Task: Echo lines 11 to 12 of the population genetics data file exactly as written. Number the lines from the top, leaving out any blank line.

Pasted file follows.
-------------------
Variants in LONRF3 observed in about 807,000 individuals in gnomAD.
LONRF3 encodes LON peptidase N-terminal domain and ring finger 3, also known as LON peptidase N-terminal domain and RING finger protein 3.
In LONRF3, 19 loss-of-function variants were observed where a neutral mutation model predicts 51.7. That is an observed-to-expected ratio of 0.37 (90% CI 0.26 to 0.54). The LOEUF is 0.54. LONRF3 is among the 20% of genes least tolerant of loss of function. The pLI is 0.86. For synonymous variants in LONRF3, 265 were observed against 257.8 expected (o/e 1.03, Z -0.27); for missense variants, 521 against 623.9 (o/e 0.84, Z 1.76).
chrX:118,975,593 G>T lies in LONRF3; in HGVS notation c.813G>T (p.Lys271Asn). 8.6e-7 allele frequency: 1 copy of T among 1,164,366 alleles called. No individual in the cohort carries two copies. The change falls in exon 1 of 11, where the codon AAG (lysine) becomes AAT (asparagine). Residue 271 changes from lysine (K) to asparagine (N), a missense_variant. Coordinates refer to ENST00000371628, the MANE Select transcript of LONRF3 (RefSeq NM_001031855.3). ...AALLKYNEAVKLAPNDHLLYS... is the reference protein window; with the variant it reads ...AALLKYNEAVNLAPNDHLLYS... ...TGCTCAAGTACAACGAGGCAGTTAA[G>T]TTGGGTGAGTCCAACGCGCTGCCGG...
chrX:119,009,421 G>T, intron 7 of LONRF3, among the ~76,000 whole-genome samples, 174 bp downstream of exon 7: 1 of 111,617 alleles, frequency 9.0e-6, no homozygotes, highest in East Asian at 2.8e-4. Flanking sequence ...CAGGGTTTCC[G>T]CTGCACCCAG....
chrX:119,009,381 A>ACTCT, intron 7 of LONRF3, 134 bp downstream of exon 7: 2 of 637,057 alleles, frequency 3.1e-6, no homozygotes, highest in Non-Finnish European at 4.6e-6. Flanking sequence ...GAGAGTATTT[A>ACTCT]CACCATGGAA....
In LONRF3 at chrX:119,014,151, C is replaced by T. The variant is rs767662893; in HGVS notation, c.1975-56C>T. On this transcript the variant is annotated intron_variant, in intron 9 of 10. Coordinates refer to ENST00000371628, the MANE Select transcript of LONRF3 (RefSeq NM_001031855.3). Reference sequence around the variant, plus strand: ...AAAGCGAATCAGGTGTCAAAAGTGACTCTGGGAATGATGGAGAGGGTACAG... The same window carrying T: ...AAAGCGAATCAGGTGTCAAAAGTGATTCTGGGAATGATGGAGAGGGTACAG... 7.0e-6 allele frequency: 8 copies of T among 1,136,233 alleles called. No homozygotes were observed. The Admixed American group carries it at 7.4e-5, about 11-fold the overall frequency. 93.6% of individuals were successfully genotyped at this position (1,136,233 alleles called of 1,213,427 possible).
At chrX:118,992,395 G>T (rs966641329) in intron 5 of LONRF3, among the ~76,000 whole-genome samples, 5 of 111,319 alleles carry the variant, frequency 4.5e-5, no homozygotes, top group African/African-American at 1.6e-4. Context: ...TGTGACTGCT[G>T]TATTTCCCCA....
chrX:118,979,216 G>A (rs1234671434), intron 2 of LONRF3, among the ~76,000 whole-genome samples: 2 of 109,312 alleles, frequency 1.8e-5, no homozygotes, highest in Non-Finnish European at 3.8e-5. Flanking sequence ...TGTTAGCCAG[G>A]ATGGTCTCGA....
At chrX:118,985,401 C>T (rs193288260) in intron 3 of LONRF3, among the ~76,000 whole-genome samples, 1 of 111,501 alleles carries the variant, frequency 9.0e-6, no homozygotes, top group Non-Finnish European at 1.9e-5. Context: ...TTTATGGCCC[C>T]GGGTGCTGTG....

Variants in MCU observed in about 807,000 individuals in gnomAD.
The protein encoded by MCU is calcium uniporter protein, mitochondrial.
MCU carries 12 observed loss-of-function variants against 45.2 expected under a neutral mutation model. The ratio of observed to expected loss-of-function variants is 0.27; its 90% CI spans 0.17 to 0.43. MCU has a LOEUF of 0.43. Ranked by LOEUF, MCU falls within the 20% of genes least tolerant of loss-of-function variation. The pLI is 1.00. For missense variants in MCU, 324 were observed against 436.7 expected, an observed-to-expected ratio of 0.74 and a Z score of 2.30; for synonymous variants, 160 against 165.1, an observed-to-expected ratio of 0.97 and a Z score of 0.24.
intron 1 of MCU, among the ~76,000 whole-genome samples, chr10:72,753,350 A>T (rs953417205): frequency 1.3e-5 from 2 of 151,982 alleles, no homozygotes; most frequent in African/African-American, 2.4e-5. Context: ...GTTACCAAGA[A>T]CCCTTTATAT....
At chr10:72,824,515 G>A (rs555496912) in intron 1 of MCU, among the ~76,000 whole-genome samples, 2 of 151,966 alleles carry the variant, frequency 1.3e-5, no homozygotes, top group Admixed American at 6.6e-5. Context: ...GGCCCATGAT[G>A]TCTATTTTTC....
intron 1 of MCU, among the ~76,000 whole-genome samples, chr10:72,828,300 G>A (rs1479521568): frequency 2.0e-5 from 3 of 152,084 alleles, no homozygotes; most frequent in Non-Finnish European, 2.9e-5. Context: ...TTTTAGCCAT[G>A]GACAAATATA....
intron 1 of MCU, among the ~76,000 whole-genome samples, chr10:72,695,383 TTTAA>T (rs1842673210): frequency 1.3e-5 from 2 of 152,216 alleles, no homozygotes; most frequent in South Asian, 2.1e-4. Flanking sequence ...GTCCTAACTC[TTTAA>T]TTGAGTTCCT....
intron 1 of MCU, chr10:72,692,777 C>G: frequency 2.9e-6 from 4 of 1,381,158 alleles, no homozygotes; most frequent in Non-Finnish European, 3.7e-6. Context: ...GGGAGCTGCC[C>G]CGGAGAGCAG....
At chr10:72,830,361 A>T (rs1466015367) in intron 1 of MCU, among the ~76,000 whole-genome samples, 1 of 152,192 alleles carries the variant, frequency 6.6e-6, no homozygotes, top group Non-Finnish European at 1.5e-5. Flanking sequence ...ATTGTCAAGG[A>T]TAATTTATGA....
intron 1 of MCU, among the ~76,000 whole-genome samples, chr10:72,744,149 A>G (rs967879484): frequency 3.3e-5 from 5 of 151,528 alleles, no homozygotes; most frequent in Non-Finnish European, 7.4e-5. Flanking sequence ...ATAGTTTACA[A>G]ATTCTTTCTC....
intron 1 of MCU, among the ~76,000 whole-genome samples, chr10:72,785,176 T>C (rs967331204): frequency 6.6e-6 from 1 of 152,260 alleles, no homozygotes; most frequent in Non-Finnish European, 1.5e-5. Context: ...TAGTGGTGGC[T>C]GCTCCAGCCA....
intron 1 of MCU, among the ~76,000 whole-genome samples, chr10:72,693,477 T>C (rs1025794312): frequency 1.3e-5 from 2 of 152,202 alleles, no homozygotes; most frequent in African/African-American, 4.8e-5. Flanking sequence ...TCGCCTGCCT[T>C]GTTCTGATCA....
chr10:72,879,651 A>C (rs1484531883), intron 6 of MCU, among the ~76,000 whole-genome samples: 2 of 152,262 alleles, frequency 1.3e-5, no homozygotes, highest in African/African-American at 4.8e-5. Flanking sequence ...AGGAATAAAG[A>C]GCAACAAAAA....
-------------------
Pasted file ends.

Variants in MCU observed in about 807,000 individuals in gnomAD.
The protein encoded by MCU is calcium uniporter protein, mitochondrial.